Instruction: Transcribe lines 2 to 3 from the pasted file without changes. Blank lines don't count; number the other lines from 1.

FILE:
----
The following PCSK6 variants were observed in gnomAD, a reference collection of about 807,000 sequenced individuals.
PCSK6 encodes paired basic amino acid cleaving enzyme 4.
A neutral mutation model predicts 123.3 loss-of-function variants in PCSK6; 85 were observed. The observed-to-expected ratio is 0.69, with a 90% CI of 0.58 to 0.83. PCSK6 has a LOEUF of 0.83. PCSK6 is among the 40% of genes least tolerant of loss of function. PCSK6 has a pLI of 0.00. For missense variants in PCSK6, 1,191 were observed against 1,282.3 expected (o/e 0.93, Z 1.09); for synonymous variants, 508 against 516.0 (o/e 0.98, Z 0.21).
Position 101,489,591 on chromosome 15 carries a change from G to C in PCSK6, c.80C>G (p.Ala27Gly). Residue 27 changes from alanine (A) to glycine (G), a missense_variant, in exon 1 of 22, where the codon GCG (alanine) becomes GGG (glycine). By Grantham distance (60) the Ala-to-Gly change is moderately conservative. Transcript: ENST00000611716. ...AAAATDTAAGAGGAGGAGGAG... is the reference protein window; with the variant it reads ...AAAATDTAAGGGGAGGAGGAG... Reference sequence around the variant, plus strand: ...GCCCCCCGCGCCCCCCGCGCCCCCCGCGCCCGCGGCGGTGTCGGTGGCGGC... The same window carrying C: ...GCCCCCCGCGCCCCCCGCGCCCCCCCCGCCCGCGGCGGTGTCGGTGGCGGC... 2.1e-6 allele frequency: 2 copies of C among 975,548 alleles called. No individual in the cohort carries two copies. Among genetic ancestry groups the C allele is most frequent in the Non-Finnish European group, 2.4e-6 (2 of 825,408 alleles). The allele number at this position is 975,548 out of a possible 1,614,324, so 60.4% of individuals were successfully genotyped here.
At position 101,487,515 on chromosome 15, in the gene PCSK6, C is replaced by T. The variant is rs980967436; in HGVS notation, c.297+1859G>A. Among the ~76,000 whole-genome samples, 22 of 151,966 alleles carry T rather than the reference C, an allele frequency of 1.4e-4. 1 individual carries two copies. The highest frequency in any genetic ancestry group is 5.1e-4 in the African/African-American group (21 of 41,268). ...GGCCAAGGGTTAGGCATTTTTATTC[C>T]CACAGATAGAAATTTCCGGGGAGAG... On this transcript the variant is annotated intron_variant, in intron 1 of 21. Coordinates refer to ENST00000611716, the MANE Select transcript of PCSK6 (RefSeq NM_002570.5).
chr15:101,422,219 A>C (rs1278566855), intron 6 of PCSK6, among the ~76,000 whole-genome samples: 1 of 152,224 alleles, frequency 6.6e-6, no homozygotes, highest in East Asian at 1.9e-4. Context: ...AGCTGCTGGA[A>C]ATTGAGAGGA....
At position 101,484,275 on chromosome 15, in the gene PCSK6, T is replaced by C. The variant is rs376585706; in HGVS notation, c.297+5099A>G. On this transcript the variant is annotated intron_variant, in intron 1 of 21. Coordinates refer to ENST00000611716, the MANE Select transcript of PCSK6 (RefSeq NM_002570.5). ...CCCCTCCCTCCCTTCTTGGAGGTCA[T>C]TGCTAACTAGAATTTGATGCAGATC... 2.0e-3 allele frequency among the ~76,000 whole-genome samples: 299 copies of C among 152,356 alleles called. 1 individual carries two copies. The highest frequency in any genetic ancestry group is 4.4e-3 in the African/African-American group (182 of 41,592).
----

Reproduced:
PCSK6 encodes paired basic amino acid cleaving enzyme 4.
A neutral mutation model predicts 123.3 loss-of-function variants in PCSK6; 85 were observed. The observed-to-expected ratio is 0.69, with a 90% CI of 0.58 to 0.83. PCSK6 has a LOEUF of 0.83. PCSK6 is among the 40% of genes least tolerant of loss of function. PCSK6 has a pLI of 0.00. For missense variants in PCSK6, 1,191 were observed against 1,282.3 expected (o/e 0.93, Z 1.09); for synonymous variants, 508 against 516.0 (o/e 0.98, Z 0.21).